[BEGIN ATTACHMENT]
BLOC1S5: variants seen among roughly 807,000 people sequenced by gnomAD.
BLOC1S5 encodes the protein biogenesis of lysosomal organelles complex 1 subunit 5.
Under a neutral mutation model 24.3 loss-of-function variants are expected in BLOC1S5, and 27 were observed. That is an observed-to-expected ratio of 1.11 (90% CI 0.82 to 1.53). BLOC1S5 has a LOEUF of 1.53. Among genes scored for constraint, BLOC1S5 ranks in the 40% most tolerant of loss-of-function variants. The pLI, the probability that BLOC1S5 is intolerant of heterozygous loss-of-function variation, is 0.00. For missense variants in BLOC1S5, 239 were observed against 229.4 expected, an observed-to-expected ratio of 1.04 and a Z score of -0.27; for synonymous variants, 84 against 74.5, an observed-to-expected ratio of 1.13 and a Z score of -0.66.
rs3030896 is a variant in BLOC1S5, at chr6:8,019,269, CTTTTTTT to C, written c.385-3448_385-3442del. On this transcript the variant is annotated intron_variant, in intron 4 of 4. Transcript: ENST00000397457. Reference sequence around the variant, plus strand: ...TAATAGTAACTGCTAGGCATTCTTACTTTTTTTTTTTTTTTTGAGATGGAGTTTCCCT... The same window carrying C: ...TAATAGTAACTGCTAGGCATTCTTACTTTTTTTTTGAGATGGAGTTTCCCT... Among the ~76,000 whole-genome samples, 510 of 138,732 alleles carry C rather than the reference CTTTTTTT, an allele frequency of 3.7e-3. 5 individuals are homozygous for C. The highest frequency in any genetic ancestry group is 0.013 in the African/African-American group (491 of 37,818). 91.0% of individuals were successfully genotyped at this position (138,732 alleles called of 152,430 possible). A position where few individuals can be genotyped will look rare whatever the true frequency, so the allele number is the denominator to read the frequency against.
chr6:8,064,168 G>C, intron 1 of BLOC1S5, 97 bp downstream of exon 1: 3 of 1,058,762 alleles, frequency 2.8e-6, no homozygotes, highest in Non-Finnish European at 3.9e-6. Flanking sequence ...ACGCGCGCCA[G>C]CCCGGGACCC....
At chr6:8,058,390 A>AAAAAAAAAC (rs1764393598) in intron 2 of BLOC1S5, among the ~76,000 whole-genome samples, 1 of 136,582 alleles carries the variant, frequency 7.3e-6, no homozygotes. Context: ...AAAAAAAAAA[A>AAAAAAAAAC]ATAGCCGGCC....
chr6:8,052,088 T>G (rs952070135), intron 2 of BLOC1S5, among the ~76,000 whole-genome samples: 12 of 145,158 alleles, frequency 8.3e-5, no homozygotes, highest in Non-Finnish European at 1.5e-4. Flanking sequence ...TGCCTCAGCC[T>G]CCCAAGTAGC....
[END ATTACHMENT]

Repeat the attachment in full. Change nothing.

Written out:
BLOC1S5: variants seen among roughly 807,000 people sequenced by gnomAD.
BLOC1S5 encodes the protein biogenesis of lysosomal organelles complex 1 subunit 5.
Under a neutral mutation model 24.3 loss-of-function variants are expected in BLOC1S5, and 27 were observed. That is an observed-to-expected ratio of 1.11 (90% CI 0.82 to 1.53). BLOC1S5 has a LOEUF of 1.53. Among genes scored for constraint, BLOC1S5 ranks in the 40% most tolerant of loss-of-function variants. The pLI, the probability that BLOC1S5 is intolerant of heterozygous loss-of-function variation, is 0.00. For missense variants in BLOC1S5, 239 were observed against 229.4 expected, an observed-to-expected ratio of 1.04 and a Z score of -0.27; for synonymous variants, 84 against 74.5, an observed-to-expected ratio of 1.13 and a Z score of -0.66.
rs3030896 is a variant in BLOC1S5, at chr6:8,019,269, CTTTTTTT to C, written c.385-3448_385-3442del. On this transcript the variant is annotated intron_variant, in intron 4 of 4. Transcript: ENST00000397457. Reference sequence around the variant, plus strand: ...TAATAGTAACTGCTAGGCATTCTTACTTTTTTTTTTTTTTTTGAGATGGAGTTTCCCT... The same window carrying C: ...TAATAGTAACTGCTAGGCATTCTTACTTTTTTTTTGAGATGGAGTTTCCCT... Among the ~76,000 whole-genome samples, 510 of 138,732 alleles carry C rather than the reference CTTTTTTT, an allele frequency of 3.7e-3. 5 individuals are homozygous for C. The highest frequency in any genetic ancestry group is 0.013 in the African/African-American group (491 of 37,818). 91.0% of individuals were successfully genotyped at this position (138,732 alleles called of 152,430 possible). A position where few individuals can be genotyped will look rare whatever the true frequency, so the allele number is the denominator to read the frequency against.
chr6:8,064,168 G>C, intron 1 of BLOC1S5, 97 bp downstream of exon 1: 3 of 1,058,762 alleles, frequency 2.8e-6, no homozygotes, highest in Non-Finnish European at 3.9e-6. Flanking sequence ...ACGCGCGCCA[G>C]CCCGGGACCC....
At chr6:8,058,390 A>AAAAAAAAAC (rs1764393598) in intron 2 of BLOC1S5, among the ~76,000 whole-genome samples, 1 of 136,582 alleles carries the variant, frequency 7.3e-6, no homozygotes. Context: ...AAAAAAAAAA[A>AAAAAAAAAC]ATAGCCGGCC....
chr6:8,052,088 T>G (rs952070135), intron 2 of BLOC1S5, among the ~76,000 whole-genome samples: 12 of 145,158 alleles, frequency 8.3e-5, no homozygotes, highest in Non-Finnish European at 1.5e-4. Flanking sequence ...TGCCTCAGCC[T>G]CCCAAGTAGC....